In Smith’s version, Meatless Mondays was conceived not by Sid Lerner but by his wife, Helaine. Helaine is the founder and president of the GRACE Communications Foundation. According to the foundation’s website, GRACE—which stands for Global Resource Action Center for the Environment—was founded “to communicate and address the environmental and health problems with our present industrial food system.”
“[Helaine] and her husband launched this program as an incremental approach to eliminating meat from one’s diet,” Smith adds. “If they can convince people to do it one day, then why not two days and then three days and so on? The ultimate goal is to create a vegan society one day at a time.”
Neu says this is not the case—at least as far as the Meatless Mondays organization is concerned.
“What we’re really about is moderation and choice,” Neu says. “While there are organizations out there that want to take meat away totally, we don’t encourage that at all. We really see this as one day a week promoting plant-based options. Research shows that we don’t eat enough vegetables. That’s kind of clear. So this is a way of celebrating plant-based options.”
But other organizations are even more firmly in the Meatless Mondays camp. Kristie Middleton, food policy manager for the Humane Society of the United States (HSUS), says her organization “has worked with dozens of institutions across the U.S. on implementing Meatless Mondays.”
“Americans have among the highest per capita meat consumption in the world,” says Middleton, whose organization was one of those that approached the San Diego School District about starting its Meatless Monday program. “Providing plant-based meals to kids can improve their health and raise their consciousness about how their food choices connect to important social questions about public health, the environment and the treatment of animals.”
When associations such as the American Meat Institute (AMI) hear comments from groups like HSUS about “the environment and the treatment of animals,” they feel compelled to respond to combat the misinformation they believe is being spread.
AMI has created a website called Meat Myth Crushers, which features videos and other resources that demonstrate the meat industry’s benefits to the economy and to consumers.
“We are trying to combat all the misinformation that is out there about the industry and its effects on the environment,” says Janet Riley, senior vice president of public affairs for AMI. “If someone wants to follow a vegetarian or vegan lifestyle, that’s their choice and we’re fine with it. Our problem is with people making decisions based on falsehoods and incorrect data.”
Similarly, the National Cattlemen’s Beef Association (NCBA) supports a site called factsaboutbeef.com to help dispel some of the notions about beef as both a health problem and environmental hazard.
“From a food safety and animal welfare standpoint, the beef industry is better than it’s ever been,” says Chase Adams, national communications director for the NCBA.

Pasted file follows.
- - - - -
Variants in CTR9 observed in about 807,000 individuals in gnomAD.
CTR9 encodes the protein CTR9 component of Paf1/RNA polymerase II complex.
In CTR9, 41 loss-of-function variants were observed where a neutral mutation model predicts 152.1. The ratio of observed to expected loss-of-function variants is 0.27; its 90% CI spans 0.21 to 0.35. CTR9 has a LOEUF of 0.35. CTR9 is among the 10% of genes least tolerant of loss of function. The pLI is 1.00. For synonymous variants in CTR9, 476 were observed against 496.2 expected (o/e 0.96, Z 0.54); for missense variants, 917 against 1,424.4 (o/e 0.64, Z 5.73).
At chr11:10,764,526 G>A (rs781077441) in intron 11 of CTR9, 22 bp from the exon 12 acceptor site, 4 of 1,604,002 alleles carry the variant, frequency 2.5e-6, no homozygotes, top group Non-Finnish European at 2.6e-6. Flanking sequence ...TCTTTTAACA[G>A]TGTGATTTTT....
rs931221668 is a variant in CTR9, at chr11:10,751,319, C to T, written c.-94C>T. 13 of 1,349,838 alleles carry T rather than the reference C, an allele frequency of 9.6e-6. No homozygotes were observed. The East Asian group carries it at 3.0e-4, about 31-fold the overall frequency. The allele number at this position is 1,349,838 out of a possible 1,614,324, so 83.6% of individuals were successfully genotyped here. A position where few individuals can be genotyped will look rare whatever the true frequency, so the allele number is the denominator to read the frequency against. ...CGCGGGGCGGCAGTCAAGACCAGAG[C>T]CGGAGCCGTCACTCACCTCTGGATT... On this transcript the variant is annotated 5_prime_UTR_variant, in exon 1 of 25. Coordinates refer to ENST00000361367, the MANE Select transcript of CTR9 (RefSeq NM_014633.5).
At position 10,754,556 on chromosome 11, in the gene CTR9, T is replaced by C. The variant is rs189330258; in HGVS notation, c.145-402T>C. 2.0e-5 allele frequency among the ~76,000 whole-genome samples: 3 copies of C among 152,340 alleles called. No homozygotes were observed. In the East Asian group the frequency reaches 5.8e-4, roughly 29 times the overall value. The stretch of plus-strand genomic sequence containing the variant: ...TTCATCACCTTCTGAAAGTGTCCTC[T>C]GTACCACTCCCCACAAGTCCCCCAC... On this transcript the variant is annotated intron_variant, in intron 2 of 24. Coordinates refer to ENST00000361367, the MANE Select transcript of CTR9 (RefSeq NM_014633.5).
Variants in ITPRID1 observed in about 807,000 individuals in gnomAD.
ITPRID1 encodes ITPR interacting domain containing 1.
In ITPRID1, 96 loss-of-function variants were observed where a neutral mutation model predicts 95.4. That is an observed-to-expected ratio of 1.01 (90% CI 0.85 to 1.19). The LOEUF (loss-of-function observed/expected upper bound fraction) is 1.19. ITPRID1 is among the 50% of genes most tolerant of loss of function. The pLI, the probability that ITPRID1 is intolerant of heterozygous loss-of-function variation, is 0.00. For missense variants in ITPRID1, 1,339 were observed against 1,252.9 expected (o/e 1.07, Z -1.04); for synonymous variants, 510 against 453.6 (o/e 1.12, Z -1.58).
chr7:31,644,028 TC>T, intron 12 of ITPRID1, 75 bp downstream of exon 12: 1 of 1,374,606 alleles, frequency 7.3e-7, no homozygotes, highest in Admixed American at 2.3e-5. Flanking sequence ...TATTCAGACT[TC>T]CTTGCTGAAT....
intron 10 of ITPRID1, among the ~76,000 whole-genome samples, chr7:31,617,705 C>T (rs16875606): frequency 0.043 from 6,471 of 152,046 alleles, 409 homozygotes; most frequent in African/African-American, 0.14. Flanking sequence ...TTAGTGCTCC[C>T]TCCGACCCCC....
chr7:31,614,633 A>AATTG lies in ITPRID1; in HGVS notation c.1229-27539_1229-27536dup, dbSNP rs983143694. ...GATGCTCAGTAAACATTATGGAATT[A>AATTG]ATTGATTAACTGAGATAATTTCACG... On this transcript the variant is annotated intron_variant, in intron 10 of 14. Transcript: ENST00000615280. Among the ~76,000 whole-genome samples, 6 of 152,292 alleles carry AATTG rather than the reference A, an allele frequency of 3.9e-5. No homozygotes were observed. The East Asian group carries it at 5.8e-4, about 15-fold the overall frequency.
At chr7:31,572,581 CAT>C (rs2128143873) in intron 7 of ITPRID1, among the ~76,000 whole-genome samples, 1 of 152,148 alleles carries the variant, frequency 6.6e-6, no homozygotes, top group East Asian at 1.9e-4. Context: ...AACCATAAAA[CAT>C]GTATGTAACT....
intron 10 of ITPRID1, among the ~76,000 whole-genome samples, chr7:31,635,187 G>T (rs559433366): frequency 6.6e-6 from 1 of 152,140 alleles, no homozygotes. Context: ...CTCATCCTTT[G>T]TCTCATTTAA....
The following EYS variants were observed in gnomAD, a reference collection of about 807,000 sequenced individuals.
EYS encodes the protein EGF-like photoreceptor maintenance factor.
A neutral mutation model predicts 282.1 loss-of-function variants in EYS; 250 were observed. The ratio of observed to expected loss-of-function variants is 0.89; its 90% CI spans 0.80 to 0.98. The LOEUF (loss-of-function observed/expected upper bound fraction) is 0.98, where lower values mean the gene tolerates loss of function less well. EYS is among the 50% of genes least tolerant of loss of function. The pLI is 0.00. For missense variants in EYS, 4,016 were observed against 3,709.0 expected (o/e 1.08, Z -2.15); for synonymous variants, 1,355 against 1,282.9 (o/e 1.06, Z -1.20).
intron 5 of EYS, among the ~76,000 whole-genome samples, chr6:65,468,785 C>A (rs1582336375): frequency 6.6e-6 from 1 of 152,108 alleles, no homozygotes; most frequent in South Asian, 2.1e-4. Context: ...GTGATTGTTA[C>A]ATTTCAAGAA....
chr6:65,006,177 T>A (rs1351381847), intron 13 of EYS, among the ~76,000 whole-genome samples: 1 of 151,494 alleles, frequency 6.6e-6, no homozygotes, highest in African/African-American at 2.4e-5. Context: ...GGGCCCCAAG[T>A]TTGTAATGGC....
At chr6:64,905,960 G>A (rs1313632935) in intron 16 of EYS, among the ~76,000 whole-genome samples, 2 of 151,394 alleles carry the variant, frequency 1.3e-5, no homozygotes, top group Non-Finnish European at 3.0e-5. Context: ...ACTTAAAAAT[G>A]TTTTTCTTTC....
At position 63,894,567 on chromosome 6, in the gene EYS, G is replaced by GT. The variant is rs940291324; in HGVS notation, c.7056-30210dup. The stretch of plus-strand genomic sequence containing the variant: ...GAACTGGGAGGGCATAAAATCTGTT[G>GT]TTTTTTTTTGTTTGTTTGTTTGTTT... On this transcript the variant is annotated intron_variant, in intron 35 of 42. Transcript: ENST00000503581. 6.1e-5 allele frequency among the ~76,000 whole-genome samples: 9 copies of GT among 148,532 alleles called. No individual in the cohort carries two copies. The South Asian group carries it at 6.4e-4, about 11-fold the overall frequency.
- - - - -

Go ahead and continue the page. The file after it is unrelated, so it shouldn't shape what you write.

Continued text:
Several meat producers were contacted for this story. None agreed to comment on the record.
The operator perspective
Meanwhile, in the trenches, operators operate seemingly uninfluenced by the contentious dialogue that goes on between the meat industry and environmental or animal rights organizations. In the vast majority of cases, foodservice departments base their decisions about Meatless Mondays as much, if not more, on what their customers want.
Foodservice operators fall into one of three camps with regard to Meatless Mondays. A very small number of operators, mostly school districts, have no meat on the menu that day. A number of these districts are in California, including San Diego School District, Los Angeles Unified School District and Novato Unified School District, which is north of San Francisco.
Novato’s director, Miguel Villareal, may be the most passionate representative of the campaign; he admits his involvement grew out of personal lifestyle changes he made about 10 years ago.
“We offer vegetarian items every day, but we really try to promote the concept of Meatless Mondays,” Villareal says. “I thought Meatless Mondays was a great opportunity to educate our students, our teachers and our community. I got some pushback; faculty said the students wouldn’t go for it. Now you have some of the largest school districts in the country adopting it.”
Of course, Villareal is more radical than most foodservice operators. He eliminated fruit juice from all 13 schools in the 7,500-student district several years ago and he stopped serving red meat in the district six years ago.
But because of the changes Villareal has made, he says it was actually quite simple to comply with the new USDA meal guidelines.
Interestingly, it is with school districts like Novato and San Diego that the Animal Agriculture Alliance (AAA) says it has the biggest problem.
“Thirty one million children participate in the NSLP,” says AAA’s Smith. “That might be the only meal they get for the day. It’s a recognized fact that animal proteins provide nutrients that you can only get from those sources—in particular B 12. Eliminating those options on any day of the week disturbs the overall health and well-being of children.”
The educational component
But directors like Villareal appear to be in the minority. A larger percentage of operators promote Meatless Mondays by adding more vegetarian items to the menu on that day, by highlighting meatless options and/or providing educational materials around the idea of choosing to abstain from meat for one day a week.
Syracuse University (SU), in New York, is one example. According to Keone Weigl, director of marketing for Dining Services, the campaign has been in place for the past four years.
“Each Monday we highlight items on our menu as a suggestion to those interested in trying something meatless,” Weigl says. “The SU campus has been very supportive. The marketing and variety of food choices has created awareness of the day and what it stands for. New students and parents recognize the Meatless Monday logo and are pleased to see this is something we support.”
Syracuse University is home to the Lerner Center for Public Health Promotion, and Dining Services has collaborated with the Lerner Center on the campaign for the last two years. The center’s patrons are Sid and Helaine Lerner, the founders of Meatless Monday’s current iteration.
The University of California San Francisco Medical Center is another institution that has embraced a less strict version of Meatless Mondays, for both health and sustainability reasons.